Beverly L. Hughes (hereinafter defendant) and Dean Thomas
Lindsey were married on 12 December 1986 in Maryland. Subsequently,
the parties separated and Dean Lindsey attempted to procure a
divorce from defendant in the Dominican Republic and a divorce
decree was entered on 11 August 1995. However, neither defendant
nor plaintiff in that case resided in the Dominican Republic at the
time of the entry of decree, and neither were present in the
Dominican Republic before, during or after the entry of the decree.
Thereafter, in September of 1995 Dean Lindsey and defendant
entered into an agreement to acknowledge and abide by the divorce
decree obtained in the Dominican Republic, split certain assets and
agreed to be divorced. In February 2000, defendant became remarried
to David Hurston (hereinafter plaintiff) in the District of
Columbia. Between 1986 and 2000, neither Dean Lindsey nor defendant
ever filed an action for divorce in the United States. Prior to the
marriage of defendant and plaintiff, defendant informed plaintiff
about her former husband obtaining a divorce decree to end themarriage between defendant and Dean Lindsey in the Dominican
Republic. The couple lived together in Maryland as husband and wife
until October 2003 when they moved to Forsyth County, North
Plaintiff and defendant continued to live together as husband
and wife until 10 July 2004 when defendant informed plaintiff that
he was seeking a divorce and defendant thereafter filed a complaint
against plaintiff seeking post-separation support, alimony,
equitable distribution and attorney's fees. Plaintiff then filed
the complaint in this action against defendant seeking to have the
marriage annulled and declared void ab initio.
The district court determined that the marriage was void ab
initio where it was a bigamous marriage but estopped defendant from
asserting the invalidity of the marriage as a defense in the
instant proceeding as well as in the matter in which defendant was
seeking post-separation support, alimony and attorney's fees from
Plaintiff and defendant now appeal.
 Defendant gave her notice of appeal to the order of the
district court; however, she has failed to set forth any
assignments of error in the record on appeal. The North Carolina
Rules of Appellate Procedure clearly state, the scope of review on
appeal is confined to a consideration of those assignments of error
set out in the record on appeal in accordance with this Rule 10.N.C.R. App. P. 10(a) (2006). Additionally, N.C.R. App. P. 10(c)(1)
states unequivocally that [a] listing of the assignments of error
upon which an appeal is predicated shall be stated at the
conclusion of the record on appeal . . . . N.C.R. App. P 10(c)(1).
Where defendant failed to comply with the Rules of Appellate
Procedure, her cross-appeal is thereby dismissed.
 The question before this Court is whether the district
court erred in concluding that plaintiff should be estopped from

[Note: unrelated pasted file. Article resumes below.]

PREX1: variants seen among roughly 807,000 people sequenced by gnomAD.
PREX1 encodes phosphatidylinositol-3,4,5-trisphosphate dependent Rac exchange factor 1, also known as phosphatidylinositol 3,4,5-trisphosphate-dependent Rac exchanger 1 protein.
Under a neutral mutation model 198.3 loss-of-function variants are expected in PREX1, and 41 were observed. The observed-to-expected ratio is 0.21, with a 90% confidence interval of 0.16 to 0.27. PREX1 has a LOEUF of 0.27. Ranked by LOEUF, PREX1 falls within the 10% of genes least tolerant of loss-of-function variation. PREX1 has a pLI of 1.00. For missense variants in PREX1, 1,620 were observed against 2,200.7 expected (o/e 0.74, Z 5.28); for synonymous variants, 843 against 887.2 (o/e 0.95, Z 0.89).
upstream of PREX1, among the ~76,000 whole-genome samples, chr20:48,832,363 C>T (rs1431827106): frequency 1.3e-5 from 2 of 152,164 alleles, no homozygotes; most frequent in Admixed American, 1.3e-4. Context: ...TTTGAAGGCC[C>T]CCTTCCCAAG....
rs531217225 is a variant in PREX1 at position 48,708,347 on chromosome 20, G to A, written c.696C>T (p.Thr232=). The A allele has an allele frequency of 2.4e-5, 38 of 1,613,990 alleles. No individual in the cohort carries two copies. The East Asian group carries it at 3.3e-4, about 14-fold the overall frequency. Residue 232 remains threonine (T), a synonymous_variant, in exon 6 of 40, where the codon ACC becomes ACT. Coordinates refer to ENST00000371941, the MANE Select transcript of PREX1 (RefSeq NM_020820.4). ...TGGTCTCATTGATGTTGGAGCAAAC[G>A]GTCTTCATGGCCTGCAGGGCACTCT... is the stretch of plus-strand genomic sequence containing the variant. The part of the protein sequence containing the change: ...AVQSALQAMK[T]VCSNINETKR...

asserting the invalidity of the marriage as a defense in the
instant case and the companion case in which defendant seeks
equitable support arising incident to the marriage. We hold that
the district court did err.
On appeal, plaintiff cites as error conclusion no. 9 of the
district court which states:
Plaintiff should be equitably estopped from
asserting the invalidity of the Dominican
Republic Divorce Decree between Dean T.
Lindsey and Defendant in this proceeding as
well as in the matter of Beverly Lynn Hurston
v. David Mark Hurston
, File No. 04 CVD 4922
wherein Defendant is seeking post-separation
support, alimony and attorney fees from the
Plaintiff does not find error in the district court's
conclusion that the marriage of plaintiff and defendant was void ab
; however, plaintiff does contend that the trial court erred
in making certain findings of fact and conclusions of law which
conflict with other findings and conclusions set forth in the
order. The gravamen of plaintiff's argument is that the trial courterred in its application of the principles of estoppel and
incorrectly determined that plaintiff should be barred from
asserting the nullity of his marriage to defendant as a defense.
In determining whether the marriage was void, the district
court was required to look to the laws of the jurisdiction where
the marriage was effectuated, namely, the District of Columbia. The
District of Columbia Code outlines, in general, certain marriages
which are void ab initio
The following marriages are prohibited in the
District of Columbia and shall be absolutely
void ab initio, without being so decreed, and
their nullity may be shown in any collateral
. . . .
(3) The marriage of any persons either of whom
has been previously married and whose previous
marriage has not been terminated by death or
a decree of divorce.
D.C. Code Ann. § 46-401 (2006). The district court made the
following conclusions of law which have not been excepted to and
are therefore binding on this Court:
4. At the time of Defendant's alleged marriage
to Plaintiff on February 29, 2000 in the
District of Columbia, Defendant's marriage to
Dean T. Lindsey had not been terminated by
death or a lawful and valid decree of divorce,
and Defendant remained married to Dean T.
5. Defendant's alleged marriage to Plaintiff
in Washington, D.C., on February 29, 2000, is
void ab initio
pursuant to the provisions of
D.C. Code § 46-401, as well as the provisions
of N.C. Gen. Stat. § 50-4.
Where the district court concluded that the marriage between
plaintiff and defendant was void ab initio
, we now turn to a
determination of whether plaintiff should be estopped from
asserting the invalidity of the marriage as a defense.
 First and foremost, plaintiff asserts that defendant did
not plead estoppel as an affirmative defense. Defendant stated in
her first responsive pleading to the court under Fifth Defense:
1. Prior to the marriage between Plaintiff
and Defendant, Defendant was fully
cognizant towards the fact that Dean
Thomas Lindsey, Defendant's former
husband, had obtained a Dominican